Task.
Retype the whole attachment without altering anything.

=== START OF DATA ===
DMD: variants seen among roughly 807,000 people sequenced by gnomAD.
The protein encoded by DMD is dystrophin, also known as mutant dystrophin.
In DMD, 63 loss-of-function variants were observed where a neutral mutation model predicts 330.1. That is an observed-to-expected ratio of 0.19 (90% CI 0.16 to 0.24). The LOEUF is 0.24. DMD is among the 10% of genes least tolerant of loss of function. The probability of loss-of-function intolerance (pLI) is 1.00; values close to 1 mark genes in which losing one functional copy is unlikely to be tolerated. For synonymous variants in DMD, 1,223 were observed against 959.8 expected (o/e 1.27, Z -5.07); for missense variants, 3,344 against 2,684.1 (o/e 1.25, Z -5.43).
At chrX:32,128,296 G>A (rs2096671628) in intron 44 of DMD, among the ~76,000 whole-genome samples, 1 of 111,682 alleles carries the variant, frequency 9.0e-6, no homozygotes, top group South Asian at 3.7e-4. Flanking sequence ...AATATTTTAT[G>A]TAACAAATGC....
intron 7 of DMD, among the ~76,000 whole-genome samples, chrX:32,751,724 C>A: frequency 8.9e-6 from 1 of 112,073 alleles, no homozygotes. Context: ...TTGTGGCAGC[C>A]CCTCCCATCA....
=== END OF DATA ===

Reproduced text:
DMD: variants seen among roughly 807,000 people sequenced by gnomAD.
The protein encoded by DMD is dystrophin, also known as mutant dystrophin.
In DMD, 63 loss-of-function variants were observed where a neutral mutation model predicts 330.1. That is an observed-to-expected ratio of 0.19 (90% CI 0.16 to 0.24). The LOEUF is 0.24. DMD is among the 10% of genes least tolerant of loss of function. The probability of loss-of-function intolerance (pLI) is 1.00; values close to 1 mark genes in which losing one functional copy is unlikely to be tolerated. For synonymous variants in DMD, 1,223 were observed against 959.8 expected (o/e 1.27, Z -5.07); for missense variants, 3,344 against 2,684.1 (o/e 1.25, Z -5.43).
At chrX:32,128,296 G>A (rs2096671628) in intron 44 of DMD, among the ~76,000 whole-genome samples, 1 of 111,682 alleles carries the variant, frequency 9.0e-6, no homozygotes, top group South Asian at 3.7e-4. Flanking sequence ...AATATTTTAT[G>A]TAACAAATGC....
intron 7 of DMD, among the ~76,000 whole-genome samples, chrX:32,751,724 C>A: frequency 8.9e-6 from 1 of 112,073 alleles, no homozygotes. Context: ...TTGTGGCAGC[C>A]CCTCCCATCA....